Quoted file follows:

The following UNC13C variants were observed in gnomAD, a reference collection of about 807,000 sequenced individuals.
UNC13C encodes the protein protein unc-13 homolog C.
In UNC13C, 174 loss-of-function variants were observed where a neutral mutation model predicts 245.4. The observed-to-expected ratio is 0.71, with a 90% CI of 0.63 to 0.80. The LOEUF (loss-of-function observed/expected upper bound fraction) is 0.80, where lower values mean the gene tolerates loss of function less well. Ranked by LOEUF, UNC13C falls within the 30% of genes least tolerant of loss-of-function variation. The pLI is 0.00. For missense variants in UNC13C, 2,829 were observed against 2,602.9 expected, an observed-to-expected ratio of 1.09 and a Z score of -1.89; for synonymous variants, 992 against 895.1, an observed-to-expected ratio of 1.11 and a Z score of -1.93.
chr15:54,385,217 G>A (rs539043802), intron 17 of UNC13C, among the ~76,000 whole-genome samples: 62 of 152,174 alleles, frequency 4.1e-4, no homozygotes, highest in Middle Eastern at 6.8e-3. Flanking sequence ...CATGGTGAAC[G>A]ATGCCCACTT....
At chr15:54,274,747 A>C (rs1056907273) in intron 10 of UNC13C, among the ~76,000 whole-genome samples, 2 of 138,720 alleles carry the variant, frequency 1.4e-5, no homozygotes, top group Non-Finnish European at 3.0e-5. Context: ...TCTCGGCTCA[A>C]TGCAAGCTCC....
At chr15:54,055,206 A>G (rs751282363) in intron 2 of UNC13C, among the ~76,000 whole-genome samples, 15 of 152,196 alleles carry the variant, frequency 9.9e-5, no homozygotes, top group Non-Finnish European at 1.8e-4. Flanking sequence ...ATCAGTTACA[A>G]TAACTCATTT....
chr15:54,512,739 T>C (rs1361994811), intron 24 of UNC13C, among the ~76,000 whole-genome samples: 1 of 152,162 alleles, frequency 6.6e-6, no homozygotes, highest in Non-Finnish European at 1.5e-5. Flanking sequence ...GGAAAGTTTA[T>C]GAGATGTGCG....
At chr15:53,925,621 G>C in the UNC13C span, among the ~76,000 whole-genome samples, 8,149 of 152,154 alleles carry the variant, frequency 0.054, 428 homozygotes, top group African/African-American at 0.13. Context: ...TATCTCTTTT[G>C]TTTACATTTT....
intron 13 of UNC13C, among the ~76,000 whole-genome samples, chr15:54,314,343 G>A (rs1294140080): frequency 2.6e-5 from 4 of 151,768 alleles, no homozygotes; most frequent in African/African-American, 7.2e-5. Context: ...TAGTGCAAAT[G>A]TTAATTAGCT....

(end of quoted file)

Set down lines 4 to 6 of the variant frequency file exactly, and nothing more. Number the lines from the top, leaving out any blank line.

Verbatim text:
chr15:54,385,217 G>A (rs539043802), intron 17 of UNC13C, among the ~76,000 whole-genome samples: 62 of 152,174 alleles, frequency 4.1e-4, no homozygotes, highest in Middle Eastern at 6.8e-3. Flanking sequence ...CATGGTGAAC[G>A]ATGCCCACTT....
At chr15:54,274,747 A>C (rs1056907273) in intron 10 of UNC13C, among the ~76,000 whole-genome samples, 2 of 138,720 alleles carry the variant, frequency 1.4e-5, no homozygotes, top group Non-Finnish European at 3.0e-5. Context: ...TCTCGGCTCA[A>C]TGCAAGCTCC....
At chr15:54,055,206 A>G (rs751282363) in intron 2 of UNC13C, among the ~76,000 whole-genome samples, 15 of 152,196 alleles carry the variant, frequency 9.9e-5, no homozygotes, top group Non-Finnish European at 1.8e-4. Flanking sequence ...ATCAGTTACA[A>G]TAACTCATTT....